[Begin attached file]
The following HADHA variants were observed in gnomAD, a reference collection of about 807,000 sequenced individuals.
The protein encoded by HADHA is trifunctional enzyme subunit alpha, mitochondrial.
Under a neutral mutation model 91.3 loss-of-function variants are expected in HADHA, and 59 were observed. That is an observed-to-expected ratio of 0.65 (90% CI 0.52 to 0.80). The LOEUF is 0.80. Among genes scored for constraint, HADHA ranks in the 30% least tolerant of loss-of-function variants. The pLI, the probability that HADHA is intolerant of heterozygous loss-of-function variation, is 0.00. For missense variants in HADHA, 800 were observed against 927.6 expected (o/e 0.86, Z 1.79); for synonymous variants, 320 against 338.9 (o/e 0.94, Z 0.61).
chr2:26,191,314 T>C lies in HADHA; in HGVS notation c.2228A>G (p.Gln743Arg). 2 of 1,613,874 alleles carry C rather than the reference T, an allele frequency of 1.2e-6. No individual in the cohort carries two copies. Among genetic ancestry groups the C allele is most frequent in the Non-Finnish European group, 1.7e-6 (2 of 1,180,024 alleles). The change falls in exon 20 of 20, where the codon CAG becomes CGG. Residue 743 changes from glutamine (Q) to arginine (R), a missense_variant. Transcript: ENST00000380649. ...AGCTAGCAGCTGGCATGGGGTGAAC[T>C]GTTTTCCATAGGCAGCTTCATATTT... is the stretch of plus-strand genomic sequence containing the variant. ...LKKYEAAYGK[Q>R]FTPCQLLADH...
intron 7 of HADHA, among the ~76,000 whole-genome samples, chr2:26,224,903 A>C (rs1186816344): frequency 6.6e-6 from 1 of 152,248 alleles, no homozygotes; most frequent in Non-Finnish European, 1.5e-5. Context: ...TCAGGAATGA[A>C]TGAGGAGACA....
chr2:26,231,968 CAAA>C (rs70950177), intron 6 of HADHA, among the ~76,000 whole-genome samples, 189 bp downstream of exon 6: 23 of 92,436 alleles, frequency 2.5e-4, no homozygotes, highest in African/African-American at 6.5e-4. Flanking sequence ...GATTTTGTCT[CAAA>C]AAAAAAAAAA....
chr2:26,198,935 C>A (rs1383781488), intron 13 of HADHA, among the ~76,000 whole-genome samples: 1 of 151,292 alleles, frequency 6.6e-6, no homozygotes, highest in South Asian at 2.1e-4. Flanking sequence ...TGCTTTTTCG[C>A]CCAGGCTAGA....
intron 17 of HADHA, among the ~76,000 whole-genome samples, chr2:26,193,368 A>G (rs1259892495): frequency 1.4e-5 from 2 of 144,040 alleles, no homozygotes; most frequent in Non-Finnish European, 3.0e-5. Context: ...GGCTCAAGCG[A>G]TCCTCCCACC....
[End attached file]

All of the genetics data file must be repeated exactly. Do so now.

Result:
The following HADHA variants were observed in gnomAD, a reference collection of about 807,000 sequenced individuals.
The protein encoded by HADHA is trifunctional enzyme subunit alpha, mitochondrial.
Under a neutral mutation model 91.3 loss-of-function variants are expected in HADHA, and 59 were observed. That is an observed-to-expected ratio of 0.65 (90% CI 0.52 to 0.80). The LOEUF is 0.80. Among genes scored for constraint, HADHA ranks in the 30% least tolerant of loss-of-function variants. The pLI, the probability that HADHA is intolerant of heterozygous loss-of-function variation, is 0.00. For missense variants in HADHA, 800 were observed against 927.6 expected (o/e 0.86, Z 1.79); for synonymous variants, 320 against 338.9 (o/e 0.94, Z 0.61).
chr2:26,191,314 T>C lies in HADHA; in HGVS notation c.2228A>G (p.Gln743Arg). 2 of 1,613,874 alleles carry C rather than the reference T, an allele frequency of 1.2e-6. No individual in the cohort carries two copies. Among genetic ancestry groups the C allele is most frequent in the Non-Finnish European group, 1.7e-6 (2 of 1,180,024 alleles). The change falls in exon 20 of 20, where the codon CAG becomes CGG. Residue 743 changes from glutamine (Q) to arginine (R), a missense_variant. Transcript: ENST00000380649. ...AGCTAGCAGCTGGCATGGGGTGAAC[T>C]GTTTTCCATAGGCAGCTTCATATTT... is the stretch of plus-strand genomic sequence containing the variant. ...LKKYEAAYGK[Q>R]FTPCQLLADH...
intron 7 of HADHA, among the ~76,000 whole-genome samples, chr2:26,224,903 A>C (rs1186816344): frequency 6.6e-6 from 1 of 152,248 alleles, no homozygotes; most frequent in Non-Finnish European, 1.5e-5. Context: ...TCAGGAATGA[A>C]TGAGGAGACA....
chr2:26,231,968 CAAA>C (rs70950177), intron 6 of HADHA, among the ~76,000 whole-genome samples, 189 bp downstream of exon 6: 23 of 92,436 alleles, frequency 2.5e-4, no homozygotes, highest in African/African-American at 6.5e-4. Flanking sequence ...GATTTTGTCT[CAAA>C]AAAAAAAAAA....
chr2:26,198,935 C>A (rs1383781488), intron 13 of HADHA, among the ~76,000 whole-genome samples: 1 of 151,292 alleles, frequency 6.6e-6, no homozygotes, highest in South Asian at 2.1e-4. Flanking sequence ...TGCTTTTTCG[C>A]CCAGGCTAGA....
intron 17 of HADHA, among the ~76,000 whole-genome samples, chr2:26,193,368 A>G (rs1259892495): frequency 1.4e-5 from 2 of 144,040 alleles, no homozygotes; most frequent in Non-Finnish European, 3.0e-5. Context: ...GGCTCAAGCG[A>G]TCCTCCCACC....